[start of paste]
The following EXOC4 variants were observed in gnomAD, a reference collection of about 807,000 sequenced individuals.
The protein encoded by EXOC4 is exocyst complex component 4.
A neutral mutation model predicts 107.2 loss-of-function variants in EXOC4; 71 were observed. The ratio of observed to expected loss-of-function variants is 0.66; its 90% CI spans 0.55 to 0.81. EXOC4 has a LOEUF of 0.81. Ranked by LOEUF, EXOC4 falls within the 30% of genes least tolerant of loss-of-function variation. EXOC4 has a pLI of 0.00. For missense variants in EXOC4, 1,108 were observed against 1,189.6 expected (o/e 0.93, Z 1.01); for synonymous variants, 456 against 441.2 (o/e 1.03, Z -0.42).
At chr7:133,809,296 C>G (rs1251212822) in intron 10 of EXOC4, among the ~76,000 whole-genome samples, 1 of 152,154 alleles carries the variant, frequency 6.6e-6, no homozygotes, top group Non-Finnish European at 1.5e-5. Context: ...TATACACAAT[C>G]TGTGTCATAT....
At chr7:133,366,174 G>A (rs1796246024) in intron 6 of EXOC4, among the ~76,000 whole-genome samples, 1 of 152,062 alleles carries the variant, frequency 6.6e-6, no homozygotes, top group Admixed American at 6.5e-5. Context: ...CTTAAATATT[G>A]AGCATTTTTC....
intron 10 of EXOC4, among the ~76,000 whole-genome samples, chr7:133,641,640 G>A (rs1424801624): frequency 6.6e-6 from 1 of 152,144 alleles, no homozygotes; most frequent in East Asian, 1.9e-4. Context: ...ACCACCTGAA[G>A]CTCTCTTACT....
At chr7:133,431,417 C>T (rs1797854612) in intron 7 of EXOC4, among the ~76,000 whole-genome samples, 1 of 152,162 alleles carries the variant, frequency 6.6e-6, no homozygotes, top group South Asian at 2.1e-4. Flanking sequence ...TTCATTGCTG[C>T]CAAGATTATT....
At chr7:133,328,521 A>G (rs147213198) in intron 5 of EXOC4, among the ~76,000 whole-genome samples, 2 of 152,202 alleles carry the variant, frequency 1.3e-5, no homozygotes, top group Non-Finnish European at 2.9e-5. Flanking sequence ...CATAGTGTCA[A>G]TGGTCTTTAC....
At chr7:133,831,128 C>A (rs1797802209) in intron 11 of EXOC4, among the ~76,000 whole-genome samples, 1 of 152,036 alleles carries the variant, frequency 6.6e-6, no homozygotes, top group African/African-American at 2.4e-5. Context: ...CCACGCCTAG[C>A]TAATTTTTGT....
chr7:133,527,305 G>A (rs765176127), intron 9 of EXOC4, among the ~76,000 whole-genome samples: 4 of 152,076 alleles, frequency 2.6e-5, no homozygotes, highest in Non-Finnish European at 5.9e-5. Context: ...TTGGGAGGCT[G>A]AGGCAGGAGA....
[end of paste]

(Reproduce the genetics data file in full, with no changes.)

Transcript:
The following EXOC4 variants were observed in gnomAD, a reference collection of about 807,000 sequenced individuals.
The protein encoded by EXOC4 is exocyst complex component 4.
A neutral mutation model predicts 107.2 loss-of-function variants in EXOC4; 71 were observed. The ratio of observed to expected loss-of-function variants is 0.66; its 90% CI spans 0.55 to 0.81. EXOC4 has a LOEUF of 0.81. Ranked by LOEUF, EXOC4 falls within the 30% of genes least tolerant of loss-of-function variation. EXOC4 has a pLI of 0.00. For missense variants in EXOC4, 1,108 were observed against 1,189.6 expected (o/e 0.93, Z 1.01); for synonymous variants, 456 against 441.2 (o/e 1.03, Z -0.42).
At chr7:133,809,296 C>G (rs1251212822) in intron 10 of EXOC4, among the ~76,000 whole-genome samples, 1 of 152,154 alleles carries the variant, frequency 6.6e-6, no homozygotes, top group Non-Finnish European at 1.5e-5. Context: ...TATACACAAT[C>G]TGTGTCATAT....
At chr7:133,366,174 G>A (rs1796246024) in intron 6 of EXOC4, among the ~76,000 whole-genome samples, 1 of 152,062 alleles carries the variant, frequency 6.6e-6, no homozygotes, top group Admixed American at 6.5e-5. Context: ...CTTAAATATT[G>A]AGCATTTTTC....
intron 10 of EXOC4, among the ~76,000 whole-genome samples, chr7:133,641,640 G>A (rs1424801624): frequency 6.6e-6 from 1 of 152,144 alleles, no homozygotes; most frequent in East Asian, 1.9e-4. Context: ...ACCACCTGAA[G>A]CTCTCTTACT....
At chr7:133,431,417 C>T (rs1797854612) in intron 7 of EXOC4, among the ~76,000 whole-genome samples, 1 of 152,162 alleles carries the variant, frequency 6.6e-6, no homozygotes, top group South Asian at 2.1e-4. Flanking sequence ...TTCATTGCTG[C>T]CAAGATTATT....
At chr7:133,328,521 A>G (rs147213198) in intron 5 of EXOC4, among the ~76,000 whole-genome samples, 2 of 152,202 alleles carry the variant, frequency 1.3e-5, no homozygotes, top group Non-Finnish European at 2.9e-5. Flanking sequence ...CATAGTGTCA[A>G]TGGTCTTTAC....
At chr7:133,831,128 C>A (rs1797802209) in intron 11 of EXOC4, among the ~76,000 whole-genome samples, 1 of 152,036 alleles carries the variant, frequency 6.6e-6, no homozygotes, top group African/African-American at 2.4e-5. Context: ...CCACGCCTAG[C>A]TAATTTTTGT....
chr7:133,527,305 G>A (rs765176127), intron 9 of EXOC4, among the ~76,000 whole-genome samples: 4 of 152,076 alleles, frequency 2.6e-5, no homozygotes, highest in Non-Finnish European at 5.9e-5. Context: ...TTGGGAGGCT[G>A]AGGCAGGAGA....